XVII. EVERY MAN MAY BE REFORMED, AND THERE IS NO SUCH THING AS PREDESTINATION

DP 322. It is a dictate of sound reason that all are predestined to heaven, and no one to hell; for all are born men, and consequently the image of God is in them. The image of God in them consists in this, that they are able to understand truth and to do good. To be able to understand truth is from the Divine Wisdom, and to be able to do good is from the Divine Love. This power constitutes the image of God, which remains with the man of sound mind, and is not eradicated. In consequence of this he can become a civil and a moral man; and he that becomes this can also become spiritual; for what is civil and moral is the receptacle of what is spiritual. He who knows the laws of the state of which he is a citizen and lives according to them is said to be a civil man; and he is said to be a moral man who makes those laws the standard of his morals and of his virtues, and from reason lives according to them.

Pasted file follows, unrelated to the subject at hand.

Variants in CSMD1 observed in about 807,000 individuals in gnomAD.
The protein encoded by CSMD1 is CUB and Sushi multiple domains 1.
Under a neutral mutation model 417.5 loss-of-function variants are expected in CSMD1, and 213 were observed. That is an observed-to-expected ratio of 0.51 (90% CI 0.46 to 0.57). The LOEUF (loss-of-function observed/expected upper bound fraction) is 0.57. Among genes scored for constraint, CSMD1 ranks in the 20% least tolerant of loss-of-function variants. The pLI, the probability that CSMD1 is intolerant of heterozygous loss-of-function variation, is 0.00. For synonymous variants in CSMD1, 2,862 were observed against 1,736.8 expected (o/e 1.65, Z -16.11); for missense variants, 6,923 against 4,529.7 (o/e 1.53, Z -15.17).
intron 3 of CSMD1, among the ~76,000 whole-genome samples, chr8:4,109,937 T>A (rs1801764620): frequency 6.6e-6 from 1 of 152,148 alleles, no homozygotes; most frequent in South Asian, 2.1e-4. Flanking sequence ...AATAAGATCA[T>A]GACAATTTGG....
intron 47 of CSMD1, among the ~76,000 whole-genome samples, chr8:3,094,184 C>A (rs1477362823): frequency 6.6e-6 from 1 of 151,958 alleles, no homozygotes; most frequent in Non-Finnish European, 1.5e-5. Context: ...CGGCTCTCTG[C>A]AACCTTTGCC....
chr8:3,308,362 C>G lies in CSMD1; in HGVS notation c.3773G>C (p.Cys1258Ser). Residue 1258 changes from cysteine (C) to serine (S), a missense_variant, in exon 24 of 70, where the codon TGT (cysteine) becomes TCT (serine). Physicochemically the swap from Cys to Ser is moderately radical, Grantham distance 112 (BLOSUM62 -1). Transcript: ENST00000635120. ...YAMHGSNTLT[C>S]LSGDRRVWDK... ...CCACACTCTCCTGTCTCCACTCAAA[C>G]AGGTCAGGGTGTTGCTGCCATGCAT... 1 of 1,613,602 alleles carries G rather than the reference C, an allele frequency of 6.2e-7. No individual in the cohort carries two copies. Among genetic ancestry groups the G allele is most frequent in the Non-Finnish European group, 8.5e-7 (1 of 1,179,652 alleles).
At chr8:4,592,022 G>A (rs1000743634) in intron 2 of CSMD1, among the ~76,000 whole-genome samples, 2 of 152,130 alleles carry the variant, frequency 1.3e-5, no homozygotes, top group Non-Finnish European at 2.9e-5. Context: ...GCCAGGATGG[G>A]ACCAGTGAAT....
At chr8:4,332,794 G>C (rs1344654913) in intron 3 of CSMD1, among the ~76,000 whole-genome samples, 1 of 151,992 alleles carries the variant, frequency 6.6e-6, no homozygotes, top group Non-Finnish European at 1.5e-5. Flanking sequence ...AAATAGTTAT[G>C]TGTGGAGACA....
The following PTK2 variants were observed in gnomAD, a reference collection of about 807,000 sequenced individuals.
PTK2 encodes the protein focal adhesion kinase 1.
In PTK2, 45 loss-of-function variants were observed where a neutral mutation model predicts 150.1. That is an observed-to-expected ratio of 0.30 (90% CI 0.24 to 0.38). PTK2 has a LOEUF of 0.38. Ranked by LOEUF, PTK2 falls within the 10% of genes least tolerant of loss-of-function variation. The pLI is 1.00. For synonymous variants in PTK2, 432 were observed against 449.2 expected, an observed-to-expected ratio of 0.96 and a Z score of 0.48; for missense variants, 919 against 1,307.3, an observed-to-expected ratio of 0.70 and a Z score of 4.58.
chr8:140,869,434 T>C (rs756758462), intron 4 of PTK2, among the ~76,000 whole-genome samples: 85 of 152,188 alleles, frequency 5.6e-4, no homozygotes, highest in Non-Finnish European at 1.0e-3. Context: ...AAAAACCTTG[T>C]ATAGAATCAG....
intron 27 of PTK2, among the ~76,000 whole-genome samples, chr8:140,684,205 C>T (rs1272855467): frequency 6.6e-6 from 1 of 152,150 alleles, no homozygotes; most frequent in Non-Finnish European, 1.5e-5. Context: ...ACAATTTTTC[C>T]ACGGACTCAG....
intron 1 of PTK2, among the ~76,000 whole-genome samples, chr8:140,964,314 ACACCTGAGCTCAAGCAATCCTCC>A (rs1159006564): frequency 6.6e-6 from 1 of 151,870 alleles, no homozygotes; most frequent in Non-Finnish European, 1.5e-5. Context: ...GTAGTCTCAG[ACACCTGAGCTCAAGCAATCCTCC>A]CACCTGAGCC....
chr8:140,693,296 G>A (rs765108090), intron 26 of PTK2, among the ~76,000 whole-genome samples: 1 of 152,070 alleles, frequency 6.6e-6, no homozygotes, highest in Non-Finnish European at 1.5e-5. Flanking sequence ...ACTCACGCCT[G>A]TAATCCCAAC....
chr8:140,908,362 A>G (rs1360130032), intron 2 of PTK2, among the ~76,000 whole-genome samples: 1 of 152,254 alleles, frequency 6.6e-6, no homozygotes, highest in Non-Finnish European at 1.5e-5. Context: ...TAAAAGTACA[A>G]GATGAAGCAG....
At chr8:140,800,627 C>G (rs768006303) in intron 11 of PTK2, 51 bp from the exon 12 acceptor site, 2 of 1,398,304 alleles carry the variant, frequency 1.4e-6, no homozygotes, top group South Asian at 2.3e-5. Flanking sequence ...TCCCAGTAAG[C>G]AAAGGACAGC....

[2] I will now state how the civil and the moral life is the receptacle of the spiritual life: Live these laws not only as civil and moral laws but also as Divine laws, and you will be a spiritual man. There scarcely exists a nation so barbarous that it has not by its laws prohibited murder, adultery with the wife of another, theft, false witness and the violation of another’s property. The civil and the moral man observes these laws in order that he may be, or seem to be, a good citizen; but if he does not at the same time regard these laws as Divine he is only a civil and a moral natural man; and if he also regards them as Divine he becomes a civil and a moral spiritual man. The difference is, that the latter is a good citizen not only of an earthly kingdom but also of the heavenly kingdom, while the former is a good citizen of an earthly kingdom but not of the heavenly kingdom. They are distinguished by the good they do. The good which civil and moral natural men do is not good in itself, for man and the world are in it; while the good which civil and moral spiritual men do is good in itself because the Lord and heaven are in it.